Bobcat

Bobcat

(Lynx rufus)

Conservation Status:

Least Concerned

Origin:

North America

Lifespan:

7 years, rarely exceeds 10 years

Size:

Adults are 18 to 50 inches long, from head to tail base. Tail length is 6 to 7 inches.

Males weigh from 14 to 40 lbs; females weigh from 9 to 35 lbs

They are the smallest in the 4 lynx species (Bobcat, Canada lynx, Eurasian lynx, Iberian lynx.)

Diet:

Carnivore: preys on rodents, birds, fish, insects, foxes, skunks, mink, etc.

Activity:

Crepuscular – active mostly during twilight hours, dusk and dawn

They can travel 2 to 7 miles each night. They become more diurnal during fall and winter.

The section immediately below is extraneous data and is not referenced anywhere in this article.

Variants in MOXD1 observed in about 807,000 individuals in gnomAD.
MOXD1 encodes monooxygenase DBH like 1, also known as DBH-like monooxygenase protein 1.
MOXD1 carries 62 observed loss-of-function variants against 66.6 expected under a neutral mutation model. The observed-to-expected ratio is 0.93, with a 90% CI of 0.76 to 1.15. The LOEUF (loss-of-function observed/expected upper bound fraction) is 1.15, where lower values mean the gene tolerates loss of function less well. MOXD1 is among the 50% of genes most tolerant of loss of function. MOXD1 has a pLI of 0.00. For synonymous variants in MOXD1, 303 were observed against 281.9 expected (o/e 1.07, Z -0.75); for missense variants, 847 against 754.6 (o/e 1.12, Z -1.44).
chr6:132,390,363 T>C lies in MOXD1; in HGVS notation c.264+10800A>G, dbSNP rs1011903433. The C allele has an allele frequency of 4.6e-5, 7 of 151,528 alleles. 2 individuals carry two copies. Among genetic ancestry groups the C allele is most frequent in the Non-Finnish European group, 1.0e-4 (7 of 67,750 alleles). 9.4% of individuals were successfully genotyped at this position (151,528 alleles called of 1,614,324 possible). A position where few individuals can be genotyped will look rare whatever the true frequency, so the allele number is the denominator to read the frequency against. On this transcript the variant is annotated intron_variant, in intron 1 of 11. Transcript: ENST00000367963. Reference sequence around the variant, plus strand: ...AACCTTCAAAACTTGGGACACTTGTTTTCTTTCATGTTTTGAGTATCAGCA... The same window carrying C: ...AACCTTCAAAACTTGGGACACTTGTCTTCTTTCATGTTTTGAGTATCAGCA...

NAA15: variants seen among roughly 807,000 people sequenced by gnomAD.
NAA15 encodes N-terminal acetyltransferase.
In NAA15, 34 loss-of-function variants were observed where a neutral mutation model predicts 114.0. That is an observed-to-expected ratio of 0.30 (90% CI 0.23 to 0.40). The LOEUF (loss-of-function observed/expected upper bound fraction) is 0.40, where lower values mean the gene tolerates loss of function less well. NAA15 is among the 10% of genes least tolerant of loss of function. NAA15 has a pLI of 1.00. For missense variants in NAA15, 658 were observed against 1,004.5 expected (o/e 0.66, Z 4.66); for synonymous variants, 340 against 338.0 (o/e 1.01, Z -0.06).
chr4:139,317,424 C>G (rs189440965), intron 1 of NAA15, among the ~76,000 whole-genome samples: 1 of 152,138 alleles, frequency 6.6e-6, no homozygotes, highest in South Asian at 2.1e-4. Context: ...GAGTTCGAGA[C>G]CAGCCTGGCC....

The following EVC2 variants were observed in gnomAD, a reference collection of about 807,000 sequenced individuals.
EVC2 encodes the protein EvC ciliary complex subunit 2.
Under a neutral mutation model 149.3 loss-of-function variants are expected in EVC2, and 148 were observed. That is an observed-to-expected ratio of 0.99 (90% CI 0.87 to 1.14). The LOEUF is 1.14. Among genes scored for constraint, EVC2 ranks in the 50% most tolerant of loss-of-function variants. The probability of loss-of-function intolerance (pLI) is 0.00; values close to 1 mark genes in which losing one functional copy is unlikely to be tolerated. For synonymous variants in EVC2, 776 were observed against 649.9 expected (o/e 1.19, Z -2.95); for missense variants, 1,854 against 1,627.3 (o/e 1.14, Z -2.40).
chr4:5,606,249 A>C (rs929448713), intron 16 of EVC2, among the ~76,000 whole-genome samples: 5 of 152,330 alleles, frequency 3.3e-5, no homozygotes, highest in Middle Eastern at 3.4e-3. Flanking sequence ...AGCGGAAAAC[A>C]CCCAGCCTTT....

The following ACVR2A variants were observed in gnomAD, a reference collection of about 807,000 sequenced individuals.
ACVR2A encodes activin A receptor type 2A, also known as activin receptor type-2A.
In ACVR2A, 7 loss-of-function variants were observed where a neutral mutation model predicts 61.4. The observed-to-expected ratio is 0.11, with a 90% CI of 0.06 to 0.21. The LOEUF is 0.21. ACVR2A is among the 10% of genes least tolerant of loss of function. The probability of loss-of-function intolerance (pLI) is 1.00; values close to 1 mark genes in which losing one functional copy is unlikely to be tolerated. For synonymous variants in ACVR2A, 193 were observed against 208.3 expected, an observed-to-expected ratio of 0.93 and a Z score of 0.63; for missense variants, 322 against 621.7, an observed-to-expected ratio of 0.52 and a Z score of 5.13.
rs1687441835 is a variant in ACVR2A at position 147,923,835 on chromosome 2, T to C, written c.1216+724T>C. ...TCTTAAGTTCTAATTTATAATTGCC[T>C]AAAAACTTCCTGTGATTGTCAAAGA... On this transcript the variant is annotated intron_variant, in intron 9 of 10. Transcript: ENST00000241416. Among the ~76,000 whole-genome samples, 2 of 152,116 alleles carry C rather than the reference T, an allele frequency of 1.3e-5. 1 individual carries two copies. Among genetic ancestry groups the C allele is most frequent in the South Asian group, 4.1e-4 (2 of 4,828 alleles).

Reproduction:

Males begin breeding by their second summer.

Females begin breeding as early as their first summer.

Breeding season starts February to March, typically.

Gestation is 60 to 70 days.

Litter size can be 1 to 6, but usually 2 to 4 kittens.

Kittens are born in April or May.

Extra Facts:

Also called “Wildcats”

Bobcats tend to be more aggressive than the Canada Lynx

They are built for warmer climates compared to the Lynx

Collective group name is a “clowder” or “clutter”

Males are called “torn”

Females are called “queen”